Review: Beard in Mind by Penny Reid

First and foremost, I need to start off with saying: I love Penny Reid. I am convinced that she can do no wrong. She is also the author that brought me back to the Romance world (thank you a million). My first introduction to her was with the book Truth or Beard. And I’m not going to lie; I 100% bought the book because of the beard (oh, and well, the synopsis sounded pretty damn good as well). You see, my husband has a magnificent beard and I am a sucker for full bearded heroes. Color me happy when I found Penny Reid and her menagerie of bearded men. Praise the Lord!

One of my favorite things about Reid is that her books are always a surprise. You never quite know what you’re going to get from them. While, yes, you have your “typical” boy meets girl and they eventually fall in love, the “how” they fall in love is always so unique. So different. So smart. And I love that. I love that Penny Reid presents these scenarios that make the reader think and ponder about what they just read. As she says, these are smart romances.

Beard In Mind lives up to the full Penny Reid potential. It was unique. It was heartwarming. It was wonderful. I am now also fully convinced that all of her books should be sold with a package of tissues.

Beard In Mind is the story of Beau Winston (twin brother to Duane Winston, grumpy hero of Truth or Beard) and Shelly Sullivan (sister to Quinn Sullivan, hero of Neanderthal Seeks Human and Neanderthal Marries Human). Both characters have been introduced before throughout the books, they’re familiar and characters I’ve been wanting to get to know better. And Penny delivered. Boy howdy did she deliver!

I never would have thought of these two as a match until Penny sneakily brought them together in Beard Science. But once that was set up, I couldn’t wait to get my hands on their story. At first glance, these two people seem as opposite as night and day. Beau is described as, “the nicest, most accommodating guy in the world…Handsome as the devil and twice as charismatic.” And Shelly? Well, Shelly is not nice. She’s blunt, rude, and a, “stunning human-porcupine hybrid.” At first glance, these two don’t seem to make sense, but as the old adage goes, “opposites attract.”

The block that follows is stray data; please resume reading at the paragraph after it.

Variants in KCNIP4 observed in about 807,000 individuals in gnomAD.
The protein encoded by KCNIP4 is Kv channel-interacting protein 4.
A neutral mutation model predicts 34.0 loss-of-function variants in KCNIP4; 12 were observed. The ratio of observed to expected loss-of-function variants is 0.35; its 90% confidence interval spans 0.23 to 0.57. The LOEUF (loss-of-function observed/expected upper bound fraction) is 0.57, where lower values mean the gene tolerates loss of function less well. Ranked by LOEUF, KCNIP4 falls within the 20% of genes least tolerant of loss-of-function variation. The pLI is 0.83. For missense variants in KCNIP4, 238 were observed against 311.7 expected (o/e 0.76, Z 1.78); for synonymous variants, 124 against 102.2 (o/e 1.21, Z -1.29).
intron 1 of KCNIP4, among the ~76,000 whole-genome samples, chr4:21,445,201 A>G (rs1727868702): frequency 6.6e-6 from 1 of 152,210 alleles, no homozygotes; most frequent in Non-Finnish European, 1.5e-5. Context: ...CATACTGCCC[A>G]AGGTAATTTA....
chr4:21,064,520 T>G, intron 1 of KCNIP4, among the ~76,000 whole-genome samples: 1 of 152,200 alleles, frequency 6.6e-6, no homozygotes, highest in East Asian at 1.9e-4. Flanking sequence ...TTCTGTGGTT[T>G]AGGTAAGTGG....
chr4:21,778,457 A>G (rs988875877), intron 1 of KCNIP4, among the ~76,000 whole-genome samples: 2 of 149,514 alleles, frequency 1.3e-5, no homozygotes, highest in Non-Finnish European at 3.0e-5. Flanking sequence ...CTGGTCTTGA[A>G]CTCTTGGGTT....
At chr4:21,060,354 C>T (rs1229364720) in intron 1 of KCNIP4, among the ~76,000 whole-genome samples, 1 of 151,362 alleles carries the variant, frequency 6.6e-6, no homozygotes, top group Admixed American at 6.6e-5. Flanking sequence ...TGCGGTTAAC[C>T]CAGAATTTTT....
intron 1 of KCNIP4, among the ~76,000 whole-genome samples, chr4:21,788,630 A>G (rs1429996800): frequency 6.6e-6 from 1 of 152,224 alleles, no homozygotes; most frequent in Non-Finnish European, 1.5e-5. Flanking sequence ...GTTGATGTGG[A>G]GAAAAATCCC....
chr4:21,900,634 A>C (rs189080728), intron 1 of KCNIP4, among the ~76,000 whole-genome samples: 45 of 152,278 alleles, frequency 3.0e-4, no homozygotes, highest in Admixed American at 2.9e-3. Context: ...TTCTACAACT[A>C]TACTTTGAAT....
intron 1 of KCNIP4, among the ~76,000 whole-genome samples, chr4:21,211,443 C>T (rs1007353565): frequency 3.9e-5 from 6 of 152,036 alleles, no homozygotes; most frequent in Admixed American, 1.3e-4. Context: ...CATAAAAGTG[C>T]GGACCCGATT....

But this is more than a story of two opposites finding each other. This is a story of two people who feel broken (and feel is the important part here) and helping each other shoulder that burden.

Because, here’s the thing, Shelly is clinically diagnosed with OCD.

It is because of her OCD that Shelly acts like a human-porcupine hybrid. It is how she has learned to cope. So this is where you should start pulling out your box of tissues. Because the first chapter from Shelly’s perspective is so damn heartbreaking. Shelly views herself as a broken thing that needs to be fixed in order to function.

While Shelly has OCD, Beau has his own set of troubles. And just as Shelly has to learn to trust someone else, so does Beau. And they find that trust in each other. But more importantly, they learn to support each other throughout their own individual hurdles. It isn’t about fixing each other. It is about supporting each other.

“All people are broken, Shelly. No one is perfect. Some seek help. Some don’t. But no one is ever fixed by another person. We can only work on ourselves… You can be supportive of Beau, hold the tools for him while he works on his refrigerator, remind him to take a break, show interest in his struggles. You can do things, gestures of kindness that show him he’s appreciated, that you care about him. But no on can fix Beau’s refrigerator except Beau.”

Can I get an “AMEN!” from them back????